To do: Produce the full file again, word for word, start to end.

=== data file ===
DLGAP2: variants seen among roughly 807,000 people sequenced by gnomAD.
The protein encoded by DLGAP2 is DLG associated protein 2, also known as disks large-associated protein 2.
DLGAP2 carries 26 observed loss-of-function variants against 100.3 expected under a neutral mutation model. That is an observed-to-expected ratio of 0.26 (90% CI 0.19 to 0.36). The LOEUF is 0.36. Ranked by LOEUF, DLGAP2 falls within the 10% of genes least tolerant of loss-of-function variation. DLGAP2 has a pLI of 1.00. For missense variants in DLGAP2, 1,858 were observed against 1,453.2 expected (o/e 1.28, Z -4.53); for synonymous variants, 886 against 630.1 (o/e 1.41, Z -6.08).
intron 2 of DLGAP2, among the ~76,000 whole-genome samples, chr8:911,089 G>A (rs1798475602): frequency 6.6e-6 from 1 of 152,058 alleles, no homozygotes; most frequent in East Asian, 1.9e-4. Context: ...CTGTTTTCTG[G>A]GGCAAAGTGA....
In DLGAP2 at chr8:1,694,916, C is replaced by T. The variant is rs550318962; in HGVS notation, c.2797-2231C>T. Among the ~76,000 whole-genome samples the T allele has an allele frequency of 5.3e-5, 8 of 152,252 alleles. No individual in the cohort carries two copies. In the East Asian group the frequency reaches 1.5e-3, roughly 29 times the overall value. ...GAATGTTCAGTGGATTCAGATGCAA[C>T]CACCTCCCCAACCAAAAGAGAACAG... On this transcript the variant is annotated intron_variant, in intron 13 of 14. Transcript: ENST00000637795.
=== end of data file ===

DLGAP2: variants seen among roughly 807,000 people sequenced by gnomAD.
The protein encoded by DLGAP2 is DLG associated protein 2, also known as disks large-associated protein 2.
DLGAP2 carries 26 observed loss-of-function variants against 100.3 expected under a neutral mutation model. That is an observed-to-expected ratio of 0.26 (90% CI 0.19 to 0.36). The LOEUF is 0.36. Ranked by LOEUF, DLGAP2 falls within the 10% of genes least tolerant of loss-of-function variation. DLGAP2 has a pLI of 1.00. For missense variants in DLGAP2, 1,858 were observed against 1,453.2 expected (o/e 1.28, Z -4.53); for synonymous variants, 886 against 630.1 (o/e 1.41, Z -6.08).
intron 2 of DLGAP2, among the ~76,000 whole-genome samples, chr8:911,089 G>A (rs1798475602): frequency 6.6e-6 from 1 of 152,058 alleles, no homozygotes; most frequent in East Asian, 1.9e-4. Context: ...CTGTTTTCTG[G>A]GGCAAAGTGA....
In DLGAP2 at chr8:1,694,916, C is replaced by T. The variant is rs550318962; in HGVS notation, c.2797-2231C>T. Among the ~76,000 whole-genome samples the T allele has an allele frequency of 5.3e-5, 8 of 152,252 alleles. No individual in the cohort carries two copies. In the East Asian group the frequency reaches 1.5e-3, roughly 29 times the overall value. ...GAATGTTCAGTGGATTCAGATGCAA[C>T]CACCTCCCCAACCAAAAGAGAACAG... On this transcript the variant is annotated intron_variant, in intron 13 of 14. Transcript: ENST00000637795.